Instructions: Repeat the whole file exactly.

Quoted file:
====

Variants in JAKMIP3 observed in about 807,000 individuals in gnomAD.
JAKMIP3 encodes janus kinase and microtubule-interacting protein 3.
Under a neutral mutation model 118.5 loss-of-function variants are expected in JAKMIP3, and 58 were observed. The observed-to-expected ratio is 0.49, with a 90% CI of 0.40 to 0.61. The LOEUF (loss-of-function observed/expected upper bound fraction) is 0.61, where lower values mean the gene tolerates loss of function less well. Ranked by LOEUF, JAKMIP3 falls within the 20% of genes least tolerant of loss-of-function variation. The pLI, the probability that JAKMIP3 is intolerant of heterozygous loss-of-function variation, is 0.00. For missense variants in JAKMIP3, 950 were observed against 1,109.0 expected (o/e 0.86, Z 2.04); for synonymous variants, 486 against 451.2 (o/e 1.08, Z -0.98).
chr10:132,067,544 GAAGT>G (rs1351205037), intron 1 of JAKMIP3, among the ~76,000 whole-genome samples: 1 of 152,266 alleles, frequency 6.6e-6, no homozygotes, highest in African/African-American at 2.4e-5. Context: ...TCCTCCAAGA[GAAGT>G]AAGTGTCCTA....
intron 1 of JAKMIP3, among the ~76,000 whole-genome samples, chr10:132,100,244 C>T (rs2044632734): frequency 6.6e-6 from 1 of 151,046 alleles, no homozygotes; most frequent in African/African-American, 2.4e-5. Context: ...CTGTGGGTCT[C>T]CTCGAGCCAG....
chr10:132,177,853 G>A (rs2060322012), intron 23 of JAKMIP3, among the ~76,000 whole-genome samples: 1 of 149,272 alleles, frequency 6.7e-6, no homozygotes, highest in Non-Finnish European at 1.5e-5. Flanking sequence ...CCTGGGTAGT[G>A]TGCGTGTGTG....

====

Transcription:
Variants in JAKMIP3 observed in about 807,000 individuals in gnomAD.
JAKMIP3 encodes janus kinase and microtubule-interacting protein 3.
Under a neutral mutation model 118.5 loss-of-function variants are expected in JAKMIP3, and 58 were observed. The observed-to-expected ratio is 0.49, with a 90% CI of 0.40 to 0.61. The LOEUF (loss-of-function observed/expected upper bound fraction) is 0.61, where lower values mean the gene tolerates loss of function less well. Ranked by LOEUF, JAKMIP3 falls within the 20% of genes least tolerant of loss-of-function variation. The pLI, the probability that JAKMIP3 is intolerant of heterozygous loss-of-function variation, is 0.00. For missense variants in JAKMIP3, 950 were observed against 1,109.0 expected (o/e 0.86, Z 2.04); for synonymous variants, 486 against 451.2 (o/e 1.08, Z -0.98).
chr10:132,067,544 GAAGT>G (rs1351205037), intron 1 of JAKMIP3, among the ~76,000 whole-genome samples: 1 of 152,266 alleles, frequency 6.6e-6, no homozygotes, highest in African/African-American at 2.4e-5. Context: ...TCCTCCAAGA[GAAGT>G]AAGTGTCCTA....
intron 1 of JAKMIP3, among the ~76,000 whole-genome samples, chr10:132,100,244 C>T (rs2044632734): frequency 6.6e-6 from 1 of 151,046 alleles, no homozygotes; most frequent in African/African-American, 2.4e-5. Context: ...CTGTGGGTCT[C>T]CTCGAGCCAG....
chr10:132,177,853 G>A (rs2060322012), intron 23 of JAKMIP3, among the ~76,000 whole-genome samples: 1 of 149,272 alleles, frequency 6.7e-6, no homozygotes, highest in Non-Finnish European at 1.5e-5. Flanking sequence ...CCTGGGTAGT[G>A]TGCGTGTGTG....